_nsCertType_ is an old Netscape-specific extension, which was used by the Netscape browser at a time when that browser was still alive. You can forget it nowadays.

The signing CA, by principle, acts in any way as it sees fit. It can put whatever it wishes in your certificate. Your certificate request is just a _suggestion_. You can more or less count on the CA to take the public key from your request and use that public key in the certificate; for everything less (including name, key usages and other extensions) this is completely up to the CA to decide. Microsoft's _Certificate Services_ uses "certificate templates" for its configuration, and the templates decide what goes in the certificates. According to my own tests, the key usage and extended key usages which you put in the certificate will be completely ignored.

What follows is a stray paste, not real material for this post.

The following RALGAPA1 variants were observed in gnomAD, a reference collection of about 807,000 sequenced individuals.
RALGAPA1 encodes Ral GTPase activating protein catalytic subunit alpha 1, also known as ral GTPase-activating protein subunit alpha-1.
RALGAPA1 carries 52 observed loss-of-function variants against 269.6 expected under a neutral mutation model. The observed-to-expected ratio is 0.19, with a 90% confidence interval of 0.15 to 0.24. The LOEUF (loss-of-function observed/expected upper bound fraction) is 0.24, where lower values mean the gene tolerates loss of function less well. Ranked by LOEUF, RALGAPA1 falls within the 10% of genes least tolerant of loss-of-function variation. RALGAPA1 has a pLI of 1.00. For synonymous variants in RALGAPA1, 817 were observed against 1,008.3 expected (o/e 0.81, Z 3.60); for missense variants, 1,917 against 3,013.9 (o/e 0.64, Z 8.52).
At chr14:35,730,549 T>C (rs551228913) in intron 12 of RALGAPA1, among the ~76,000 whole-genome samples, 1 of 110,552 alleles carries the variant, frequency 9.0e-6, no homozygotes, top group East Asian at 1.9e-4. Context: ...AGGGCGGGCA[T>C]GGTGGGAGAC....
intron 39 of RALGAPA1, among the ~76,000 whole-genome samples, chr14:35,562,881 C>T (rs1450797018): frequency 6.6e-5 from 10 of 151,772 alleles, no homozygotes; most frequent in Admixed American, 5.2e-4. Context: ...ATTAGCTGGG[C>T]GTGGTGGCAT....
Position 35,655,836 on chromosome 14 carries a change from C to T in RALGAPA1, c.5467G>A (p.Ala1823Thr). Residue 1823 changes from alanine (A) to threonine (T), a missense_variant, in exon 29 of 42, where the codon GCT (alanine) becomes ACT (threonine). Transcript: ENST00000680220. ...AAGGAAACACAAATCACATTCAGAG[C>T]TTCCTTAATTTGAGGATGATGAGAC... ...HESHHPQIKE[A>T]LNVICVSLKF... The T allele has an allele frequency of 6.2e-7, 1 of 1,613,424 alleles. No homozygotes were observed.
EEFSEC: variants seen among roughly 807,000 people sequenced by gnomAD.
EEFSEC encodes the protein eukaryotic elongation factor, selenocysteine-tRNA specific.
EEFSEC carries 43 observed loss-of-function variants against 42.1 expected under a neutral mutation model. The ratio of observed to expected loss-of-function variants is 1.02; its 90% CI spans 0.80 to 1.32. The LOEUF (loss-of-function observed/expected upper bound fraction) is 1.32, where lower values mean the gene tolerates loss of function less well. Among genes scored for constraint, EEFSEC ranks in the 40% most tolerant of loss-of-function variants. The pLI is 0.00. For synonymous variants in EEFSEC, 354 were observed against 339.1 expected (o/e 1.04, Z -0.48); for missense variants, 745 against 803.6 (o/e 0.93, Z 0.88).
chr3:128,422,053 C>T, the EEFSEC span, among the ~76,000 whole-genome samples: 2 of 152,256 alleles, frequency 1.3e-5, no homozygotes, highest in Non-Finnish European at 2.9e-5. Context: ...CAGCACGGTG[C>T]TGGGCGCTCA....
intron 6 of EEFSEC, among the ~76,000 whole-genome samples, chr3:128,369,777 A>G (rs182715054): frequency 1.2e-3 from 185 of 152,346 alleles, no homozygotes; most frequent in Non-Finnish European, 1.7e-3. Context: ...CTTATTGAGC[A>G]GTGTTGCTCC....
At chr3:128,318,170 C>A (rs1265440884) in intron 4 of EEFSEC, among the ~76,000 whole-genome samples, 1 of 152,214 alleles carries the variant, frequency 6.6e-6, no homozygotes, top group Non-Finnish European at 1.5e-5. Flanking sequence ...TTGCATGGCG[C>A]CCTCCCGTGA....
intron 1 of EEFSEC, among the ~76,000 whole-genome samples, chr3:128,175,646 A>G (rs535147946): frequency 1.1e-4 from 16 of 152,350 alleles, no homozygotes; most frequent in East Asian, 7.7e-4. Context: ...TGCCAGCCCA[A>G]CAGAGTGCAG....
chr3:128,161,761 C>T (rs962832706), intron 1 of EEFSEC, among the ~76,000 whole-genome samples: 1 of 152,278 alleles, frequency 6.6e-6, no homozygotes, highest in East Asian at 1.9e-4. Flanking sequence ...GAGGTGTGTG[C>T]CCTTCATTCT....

What extensions are needed for client authentication, and/or for server authentication, depends on the involved software. You will find some information in my past prose, e.g. [this][1], [this][2] and [that][3].

  [1]: https://security.stackexchange.com/questions/26647/extensions-for-ssl-server-certificate/26650#26650
  [2]: https://security.stackexchange.com/questions/23036/what-are-the-netscape-cert-type-attributes-why-when-are-they-needed/23037#23037
  [3]: https://security.stackexchange.com/questions/24106/which-key-usages-are-required-by-each-key-exchange-method/24107#24107